Gene Besen Featured in Law360 Pulse Q&A on Dallas Office Growth and Plans

April, 2024 - Birmingham, Alabama

Bradley partner Gene Besen was featured in Law360 Pulse in a Q&A session regarding the firm’s Dallas office growth and expansion strategy.

Besen, who serves as managing partner of the Dallas office, explained that office growth “has been seeing us go from the smallest office by revenue and headcount to now the firm's third-largest office by revenue and headcount." Regarding the office space, Besen said, "We're basically out of space on our two floors, so the third became a necessity. We also needed a conference room that could handle all of our partners." Besen expects the "phenomenal and exponential" growth in Dallas, and in Texas more broadly, to continue.

Law 360 Pulse: Can you talk more about the firm's rapid expansion in Dallas?

Besen: We've been very diligent in trying to grow out a full-service office and I feel like we've done that. We still have more growing to do and we're going to do it with balance. We're continuing to grow our transactional practices, and the controversy side of the house is busy and will keep growing as well. I don't think there's a big practice area we're missing at the moment.

We have great momentum and a niche in the market. Bradley is an incredible brand with great lawyers and a great reputation. Because we are so well run and so well managed financially, our overhead for lawyers is materially lower than at our peer firms. This gives us greater partner profits, which attracts people, and a lot of flexibility.

The pace of growth right now is that we're adding 10 to 15 associates and laterals a year. With our new floor we should have enough offices for 80 to 85 lawyers, and I expect we'll be at 80 by 2026.

At some firms, partners are getting pushed to bill over $1,200 an hour. A lawyer can come here and still bill that if they want to, but they could also offer a rate of $850 and get the work in the door and nobody here is going to be bothered at all.

Jennifer Trulock, a partner who joined our labor and employment practice in February from Baker Botts, can take the same practice she had there and now expand it with work that she was priced out of before and that a firm like Baker Botts doesn't want.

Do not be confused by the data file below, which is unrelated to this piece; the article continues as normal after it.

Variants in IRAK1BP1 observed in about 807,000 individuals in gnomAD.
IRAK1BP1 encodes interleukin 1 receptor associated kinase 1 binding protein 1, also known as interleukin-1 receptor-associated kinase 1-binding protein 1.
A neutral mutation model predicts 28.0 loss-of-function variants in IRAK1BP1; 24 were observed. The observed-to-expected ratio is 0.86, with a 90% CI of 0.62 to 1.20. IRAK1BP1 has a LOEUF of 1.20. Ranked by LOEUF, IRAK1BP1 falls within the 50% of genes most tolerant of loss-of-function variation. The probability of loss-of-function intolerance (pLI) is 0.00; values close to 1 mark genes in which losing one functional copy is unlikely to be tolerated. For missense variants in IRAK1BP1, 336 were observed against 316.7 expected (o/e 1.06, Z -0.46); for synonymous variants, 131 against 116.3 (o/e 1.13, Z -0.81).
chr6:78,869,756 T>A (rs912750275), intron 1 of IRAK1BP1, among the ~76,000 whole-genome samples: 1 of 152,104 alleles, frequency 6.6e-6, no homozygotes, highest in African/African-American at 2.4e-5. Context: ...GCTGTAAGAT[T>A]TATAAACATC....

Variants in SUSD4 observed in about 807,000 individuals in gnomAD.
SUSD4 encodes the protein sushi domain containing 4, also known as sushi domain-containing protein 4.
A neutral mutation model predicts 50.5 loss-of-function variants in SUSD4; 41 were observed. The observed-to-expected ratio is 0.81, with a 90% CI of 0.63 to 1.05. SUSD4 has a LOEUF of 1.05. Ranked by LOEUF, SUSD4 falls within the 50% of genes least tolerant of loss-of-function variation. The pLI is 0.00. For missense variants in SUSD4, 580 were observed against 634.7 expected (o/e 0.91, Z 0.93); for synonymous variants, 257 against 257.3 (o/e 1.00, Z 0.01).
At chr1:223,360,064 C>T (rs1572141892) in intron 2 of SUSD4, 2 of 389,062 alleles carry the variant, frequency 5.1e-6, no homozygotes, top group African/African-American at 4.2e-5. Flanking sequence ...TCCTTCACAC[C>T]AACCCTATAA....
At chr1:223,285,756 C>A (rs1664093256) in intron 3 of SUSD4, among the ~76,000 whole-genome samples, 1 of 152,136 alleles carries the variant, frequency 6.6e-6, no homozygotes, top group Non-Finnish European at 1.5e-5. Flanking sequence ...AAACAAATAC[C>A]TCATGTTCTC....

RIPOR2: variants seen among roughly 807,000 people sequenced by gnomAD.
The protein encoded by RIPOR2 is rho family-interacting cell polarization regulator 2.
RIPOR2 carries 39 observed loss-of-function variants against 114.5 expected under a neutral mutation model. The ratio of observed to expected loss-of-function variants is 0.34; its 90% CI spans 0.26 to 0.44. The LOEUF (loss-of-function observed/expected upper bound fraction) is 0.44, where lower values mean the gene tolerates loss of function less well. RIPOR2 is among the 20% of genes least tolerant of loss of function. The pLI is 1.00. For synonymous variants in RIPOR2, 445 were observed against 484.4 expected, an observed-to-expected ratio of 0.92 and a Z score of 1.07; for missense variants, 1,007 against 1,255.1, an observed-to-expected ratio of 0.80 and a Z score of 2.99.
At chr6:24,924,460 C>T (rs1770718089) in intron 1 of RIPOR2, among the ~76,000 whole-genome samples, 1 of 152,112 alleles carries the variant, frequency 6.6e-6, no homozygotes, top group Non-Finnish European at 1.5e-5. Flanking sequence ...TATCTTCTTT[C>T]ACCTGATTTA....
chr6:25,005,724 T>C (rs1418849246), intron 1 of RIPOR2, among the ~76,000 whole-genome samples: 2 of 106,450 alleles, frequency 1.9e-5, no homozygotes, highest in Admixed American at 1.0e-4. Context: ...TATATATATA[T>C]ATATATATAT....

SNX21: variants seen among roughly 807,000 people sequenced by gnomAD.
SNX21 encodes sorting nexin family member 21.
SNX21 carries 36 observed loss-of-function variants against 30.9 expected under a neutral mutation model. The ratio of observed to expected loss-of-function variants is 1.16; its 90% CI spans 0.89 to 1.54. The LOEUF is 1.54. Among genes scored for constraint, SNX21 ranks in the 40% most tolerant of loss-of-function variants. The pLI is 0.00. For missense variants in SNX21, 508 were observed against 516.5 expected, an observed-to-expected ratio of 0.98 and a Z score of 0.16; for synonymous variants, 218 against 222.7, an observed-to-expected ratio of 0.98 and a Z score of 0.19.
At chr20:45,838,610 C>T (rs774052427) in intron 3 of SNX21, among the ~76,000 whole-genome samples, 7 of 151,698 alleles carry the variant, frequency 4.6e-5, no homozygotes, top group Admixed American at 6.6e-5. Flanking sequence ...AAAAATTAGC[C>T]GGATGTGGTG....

We're not going to compete with Kirkland and Sidley for private equity and M&A work, and we don't need to. Clients who need high-end government investigations representation or high-end and middle-market corporate work, for example, can come here and save a little money.

 I think that's been the secret sauce.

Law360: How do you approach retention?

Besen: We integrate our attorneys in an incredibly intentional way. We don't just recruit someone, stick them in an office and then say, "Good luck." We have a plan.

There are people assigned from a specific practice group, from the growth and expansion committee and from the local office that are all assigned to mentor and shepherd, to make sure they're fully integrated into the firm.

We rally around our new people and guard our culture carefully. Once we get the 34th floor done, we're going to shuffle everybody around so the new floor isn't just all new lawyers on one floor.

Culturally it's almost automatic. Here in Dallas, when somebody joins, the instant question I have is: "How can I get you connected to my clients? What can you do that I couldn't offer that we can go sell?" It truly is hunting in packs. For example, Jennifer Trulock and I were working with a client [on a recent night] who had some pretty big governance issues, potentially exiting a founder and president of one of his business units. The client needed quick, late-night advice on how to handle that 9:30 a.m. meeting the next morning.

That type of collaboration has made us successful. That cultural desire to sell one another to our clients. Our goal is to institutionalize the client and become their trusted adviser for all their legal needs.

As managing partner here in Dallas, I have it pretty easy because we have such a tremendously talented group of partners. The culture creates a connective tissue and loyalty to one another.

Law360: How do the firm's Dallas and Houston locations work together?

Besen: There is a lot of cross-office work in the firm, and we don't compete with each other. We are fully integrated, not just in Texas, but across the firm.

Rob Ford, who is the managing partner in Houston, is a great connector and builder. I want us talking internally at Bradley about Texas, and my vision is that in the next five years, the Houston and Dallas offices combined will be home to the bulk of the lawyers in the firm. I think there's a good chance we'll achieve that.

Houston is a little newer on growing their transactional side, so they're focusing on that a lot. They also need a lot of litigation help in Houston, where we have a few partners with exploding books of business, and we're having trouble hiring fast enough to get them the help they need.

I think what we've been brilliant about is investing strategically and attracting partners that can help drive the growth locally, no matter where we are. Teamwork. That's why we're so successful — it's teamwork.

The full article, “How Bradley Arant is Keeping Up with Growth in Dallas Shop,” was published by Law360 Pulse on April 10, 2024.